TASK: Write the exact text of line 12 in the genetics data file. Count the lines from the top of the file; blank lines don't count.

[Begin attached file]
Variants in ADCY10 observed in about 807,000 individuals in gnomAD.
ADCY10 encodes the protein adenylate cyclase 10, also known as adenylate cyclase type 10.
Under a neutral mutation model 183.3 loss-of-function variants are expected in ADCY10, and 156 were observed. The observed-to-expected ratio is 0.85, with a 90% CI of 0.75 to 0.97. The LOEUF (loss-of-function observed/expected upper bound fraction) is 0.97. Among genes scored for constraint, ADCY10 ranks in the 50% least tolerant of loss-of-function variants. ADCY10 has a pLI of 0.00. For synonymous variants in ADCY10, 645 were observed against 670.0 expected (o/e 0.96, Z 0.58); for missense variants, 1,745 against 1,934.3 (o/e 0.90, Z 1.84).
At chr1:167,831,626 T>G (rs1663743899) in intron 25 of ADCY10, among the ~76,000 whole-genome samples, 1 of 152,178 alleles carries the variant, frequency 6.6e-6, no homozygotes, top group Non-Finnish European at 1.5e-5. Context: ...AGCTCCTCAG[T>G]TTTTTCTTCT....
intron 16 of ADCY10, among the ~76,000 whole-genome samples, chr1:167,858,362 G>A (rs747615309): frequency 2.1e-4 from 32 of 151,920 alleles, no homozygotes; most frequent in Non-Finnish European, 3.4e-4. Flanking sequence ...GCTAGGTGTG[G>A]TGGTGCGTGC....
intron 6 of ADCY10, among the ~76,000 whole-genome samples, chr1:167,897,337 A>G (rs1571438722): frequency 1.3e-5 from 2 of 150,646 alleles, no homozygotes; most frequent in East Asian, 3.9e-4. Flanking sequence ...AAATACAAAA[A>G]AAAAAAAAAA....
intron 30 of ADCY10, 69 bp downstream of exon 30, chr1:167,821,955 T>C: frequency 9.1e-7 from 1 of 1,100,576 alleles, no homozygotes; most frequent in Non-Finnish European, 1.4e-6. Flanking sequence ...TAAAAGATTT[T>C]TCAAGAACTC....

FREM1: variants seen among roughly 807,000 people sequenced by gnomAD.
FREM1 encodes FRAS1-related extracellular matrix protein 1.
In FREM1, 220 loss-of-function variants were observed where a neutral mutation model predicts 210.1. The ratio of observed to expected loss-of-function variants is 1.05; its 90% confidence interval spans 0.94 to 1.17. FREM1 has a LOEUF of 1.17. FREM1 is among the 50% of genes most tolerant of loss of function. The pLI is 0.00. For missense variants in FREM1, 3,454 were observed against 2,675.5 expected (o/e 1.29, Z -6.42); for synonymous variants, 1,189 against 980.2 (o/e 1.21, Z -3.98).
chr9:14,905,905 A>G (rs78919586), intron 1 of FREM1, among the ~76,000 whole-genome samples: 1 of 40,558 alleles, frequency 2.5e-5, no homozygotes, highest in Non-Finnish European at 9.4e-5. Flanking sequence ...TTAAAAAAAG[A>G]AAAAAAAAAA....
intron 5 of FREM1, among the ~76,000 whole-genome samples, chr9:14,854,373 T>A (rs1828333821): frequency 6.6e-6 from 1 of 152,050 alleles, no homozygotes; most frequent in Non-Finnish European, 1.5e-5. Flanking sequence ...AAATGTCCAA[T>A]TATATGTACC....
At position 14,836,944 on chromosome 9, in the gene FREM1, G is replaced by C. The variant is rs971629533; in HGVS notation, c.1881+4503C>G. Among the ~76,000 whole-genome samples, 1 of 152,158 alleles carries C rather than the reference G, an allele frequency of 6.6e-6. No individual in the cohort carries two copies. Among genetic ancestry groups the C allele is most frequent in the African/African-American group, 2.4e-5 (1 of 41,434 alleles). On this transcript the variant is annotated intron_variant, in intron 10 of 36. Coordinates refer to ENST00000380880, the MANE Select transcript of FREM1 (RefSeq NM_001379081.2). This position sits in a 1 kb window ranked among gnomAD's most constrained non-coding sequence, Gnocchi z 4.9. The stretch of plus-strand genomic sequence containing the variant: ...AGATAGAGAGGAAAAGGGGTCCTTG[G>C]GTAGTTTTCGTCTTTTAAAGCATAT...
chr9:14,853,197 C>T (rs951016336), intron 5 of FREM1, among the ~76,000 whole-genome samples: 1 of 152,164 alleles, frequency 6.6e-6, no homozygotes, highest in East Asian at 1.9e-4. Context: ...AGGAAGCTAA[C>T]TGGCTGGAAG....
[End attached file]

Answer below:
intron 5 of FREM1, among the ~76,000 whole-genome samples, chr9:14,854,373 T>A (rs1828333821): frequency 6.6e-6 from 1 of 152,050 alleles, no homozygotes; most frequent in Non-Finnish European, 1.5e-5. Flanking sequence ...AAATGTCCAA[T>A]TATATGTACC....